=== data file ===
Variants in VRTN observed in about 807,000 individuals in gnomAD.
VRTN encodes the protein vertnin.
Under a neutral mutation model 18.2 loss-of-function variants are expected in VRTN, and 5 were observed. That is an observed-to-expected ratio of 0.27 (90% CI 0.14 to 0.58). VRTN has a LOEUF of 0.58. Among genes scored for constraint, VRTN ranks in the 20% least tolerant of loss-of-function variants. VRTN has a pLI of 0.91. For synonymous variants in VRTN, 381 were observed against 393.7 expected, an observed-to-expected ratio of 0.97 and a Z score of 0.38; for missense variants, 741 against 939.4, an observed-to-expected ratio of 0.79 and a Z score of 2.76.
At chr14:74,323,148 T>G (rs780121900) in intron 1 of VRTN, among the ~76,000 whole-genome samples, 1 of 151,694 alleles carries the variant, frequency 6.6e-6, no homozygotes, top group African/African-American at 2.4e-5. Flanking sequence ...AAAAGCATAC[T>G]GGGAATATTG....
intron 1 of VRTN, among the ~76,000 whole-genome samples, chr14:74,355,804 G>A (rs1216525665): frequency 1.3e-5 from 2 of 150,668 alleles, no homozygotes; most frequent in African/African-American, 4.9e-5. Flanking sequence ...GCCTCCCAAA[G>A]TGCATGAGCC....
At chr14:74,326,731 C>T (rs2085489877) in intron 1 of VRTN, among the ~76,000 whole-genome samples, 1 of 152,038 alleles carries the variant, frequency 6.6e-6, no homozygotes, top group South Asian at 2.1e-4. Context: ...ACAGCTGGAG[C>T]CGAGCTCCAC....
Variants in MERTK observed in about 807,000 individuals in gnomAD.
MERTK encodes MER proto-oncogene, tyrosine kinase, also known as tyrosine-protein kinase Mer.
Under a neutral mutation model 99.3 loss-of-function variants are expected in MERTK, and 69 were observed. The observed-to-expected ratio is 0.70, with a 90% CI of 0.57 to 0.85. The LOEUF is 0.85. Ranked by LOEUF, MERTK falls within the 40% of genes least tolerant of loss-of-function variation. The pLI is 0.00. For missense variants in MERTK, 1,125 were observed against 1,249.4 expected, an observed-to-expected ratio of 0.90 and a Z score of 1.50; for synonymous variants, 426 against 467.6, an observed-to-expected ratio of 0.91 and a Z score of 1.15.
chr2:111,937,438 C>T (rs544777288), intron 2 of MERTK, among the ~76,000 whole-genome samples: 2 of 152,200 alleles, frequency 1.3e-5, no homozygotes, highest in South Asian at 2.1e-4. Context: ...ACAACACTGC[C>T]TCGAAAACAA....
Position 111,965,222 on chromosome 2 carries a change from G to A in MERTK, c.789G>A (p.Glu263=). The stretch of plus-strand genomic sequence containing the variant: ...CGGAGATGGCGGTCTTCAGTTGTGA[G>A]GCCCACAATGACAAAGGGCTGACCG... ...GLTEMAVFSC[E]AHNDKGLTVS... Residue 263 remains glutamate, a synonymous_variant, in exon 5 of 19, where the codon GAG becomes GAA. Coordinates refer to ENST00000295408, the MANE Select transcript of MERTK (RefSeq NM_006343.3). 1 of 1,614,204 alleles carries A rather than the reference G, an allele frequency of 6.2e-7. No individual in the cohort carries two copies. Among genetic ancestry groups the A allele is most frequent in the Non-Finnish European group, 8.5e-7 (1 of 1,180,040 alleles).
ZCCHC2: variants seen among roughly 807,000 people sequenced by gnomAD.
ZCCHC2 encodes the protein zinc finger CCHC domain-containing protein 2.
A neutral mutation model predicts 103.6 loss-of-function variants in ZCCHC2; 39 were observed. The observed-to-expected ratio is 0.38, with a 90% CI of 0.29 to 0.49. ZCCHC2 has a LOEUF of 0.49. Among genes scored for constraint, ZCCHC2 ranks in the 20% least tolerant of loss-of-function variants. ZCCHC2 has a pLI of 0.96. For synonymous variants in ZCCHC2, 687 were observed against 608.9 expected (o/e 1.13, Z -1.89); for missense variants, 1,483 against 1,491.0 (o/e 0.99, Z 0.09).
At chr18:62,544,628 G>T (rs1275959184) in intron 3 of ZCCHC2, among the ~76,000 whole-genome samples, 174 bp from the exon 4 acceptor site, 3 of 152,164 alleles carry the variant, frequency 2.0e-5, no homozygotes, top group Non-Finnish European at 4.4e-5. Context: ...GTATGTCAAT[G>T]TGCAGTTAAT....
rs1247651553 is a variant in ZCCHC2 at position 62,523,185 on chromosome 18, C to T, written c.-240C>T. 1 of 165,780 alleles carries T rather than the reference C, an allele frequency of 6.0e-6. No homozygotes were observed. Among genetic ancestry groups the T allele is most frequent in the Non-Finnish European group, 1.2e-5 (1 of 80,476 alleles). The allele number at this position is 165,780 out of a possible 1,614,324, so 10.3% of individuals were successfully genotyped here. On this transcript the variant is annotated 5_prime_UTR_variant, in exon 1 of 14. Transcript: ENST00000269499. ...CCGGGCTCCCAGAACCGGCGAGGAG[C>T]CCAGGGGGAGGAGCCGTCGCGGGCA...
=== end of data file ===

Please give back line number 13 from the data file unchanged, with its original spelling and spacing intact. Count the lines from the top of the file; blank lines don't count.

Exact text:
ZCCHC2 encodes the protein zinc finger CCHC domain-containing protein 2.